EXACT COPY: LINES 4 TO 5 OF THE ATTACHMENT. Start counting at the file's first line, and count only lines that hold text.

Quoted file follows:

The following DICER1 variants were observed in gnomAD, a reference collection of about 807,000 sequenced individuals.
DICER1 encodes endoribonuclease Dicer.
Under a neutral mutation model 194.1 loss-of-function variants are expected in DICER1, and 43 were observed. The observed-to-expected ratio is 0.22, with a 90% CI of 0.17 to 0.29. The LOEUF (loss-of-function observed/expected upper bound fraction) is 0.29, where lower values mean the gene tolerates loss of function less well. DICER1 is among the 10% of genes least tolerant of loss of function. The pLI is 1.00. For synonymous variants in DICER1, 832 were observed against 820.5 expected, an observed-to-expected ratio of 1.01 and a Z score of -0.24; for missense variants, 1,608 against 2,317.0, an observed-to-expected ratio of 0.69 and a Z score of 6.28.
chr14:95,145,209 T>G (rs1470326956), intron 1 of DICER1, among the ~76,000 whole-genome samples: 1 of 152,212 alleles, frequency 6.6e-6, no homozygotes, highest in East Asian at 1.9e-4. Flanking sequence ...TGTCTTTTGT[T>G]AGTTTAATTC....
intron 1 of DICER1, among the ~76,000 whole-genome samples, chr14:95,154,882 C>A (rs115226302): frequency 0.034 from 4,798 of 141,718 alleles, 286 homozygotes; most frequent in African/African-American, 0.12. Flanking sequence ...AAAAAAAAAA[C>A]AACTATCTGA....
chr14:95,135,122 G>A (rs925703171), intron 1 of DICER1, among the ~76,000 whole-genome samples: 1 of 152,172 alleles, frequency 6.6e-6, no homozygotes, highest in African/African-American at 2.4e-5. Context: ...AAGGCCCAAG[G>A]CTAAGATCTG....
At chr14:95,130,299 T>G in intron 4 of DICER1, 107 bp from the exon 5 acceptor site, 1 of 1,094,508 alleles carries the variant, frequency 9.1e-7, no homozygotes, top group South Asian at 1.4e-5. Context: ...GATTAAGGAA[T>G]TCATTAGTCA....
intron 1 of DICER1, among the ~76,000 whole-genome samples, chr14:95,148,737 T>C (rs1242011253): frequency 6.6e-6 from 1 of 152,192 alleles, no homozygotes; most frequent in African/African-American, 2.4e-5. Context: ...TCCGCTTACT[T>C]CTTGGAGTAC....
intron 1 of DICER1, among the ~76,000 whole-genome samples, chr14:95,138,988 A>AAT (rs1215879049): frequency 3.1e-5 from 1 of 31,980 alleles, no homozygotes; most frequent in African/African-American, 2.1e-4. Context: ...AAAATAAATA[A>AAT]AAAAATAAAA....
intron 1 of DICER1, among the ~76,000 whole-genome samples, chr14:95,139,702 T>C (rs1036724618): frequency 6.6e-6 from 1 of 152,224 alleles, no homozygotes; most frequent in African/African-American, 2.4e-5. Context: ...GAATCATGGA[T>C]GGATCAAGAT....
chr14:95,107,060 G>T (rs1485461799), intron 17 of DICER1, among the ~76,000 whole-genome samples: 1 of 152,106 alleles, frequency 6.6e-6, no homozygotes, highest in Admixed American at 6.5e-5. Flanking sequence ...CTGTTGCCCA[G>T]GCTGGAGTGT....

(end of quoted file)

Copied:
chr14:95,145,209 T>G (rs1470326956), intron 1 of DICER1, among the ~76,000 whole-genome samples: 1 of 152,212 alleles, frequency 6.6e-6, no homozygotes, highest in East Asian at 1.9e-4. Flanking sequence ...TGTCTTTTGT[T>G]AGTTTAATTC....
intron 1 of DICER1, among the ~76,000 whole-genome samples, chr14:95,154,882 C>A (rs115226302): frequency 0.034 from 4,798 of 141,718 alleles, 286 homozygotes; most frequent in African/African-American, 0.12. Flanking sequence ...AAAAAAAAAA[C>A]AACTATCTGA....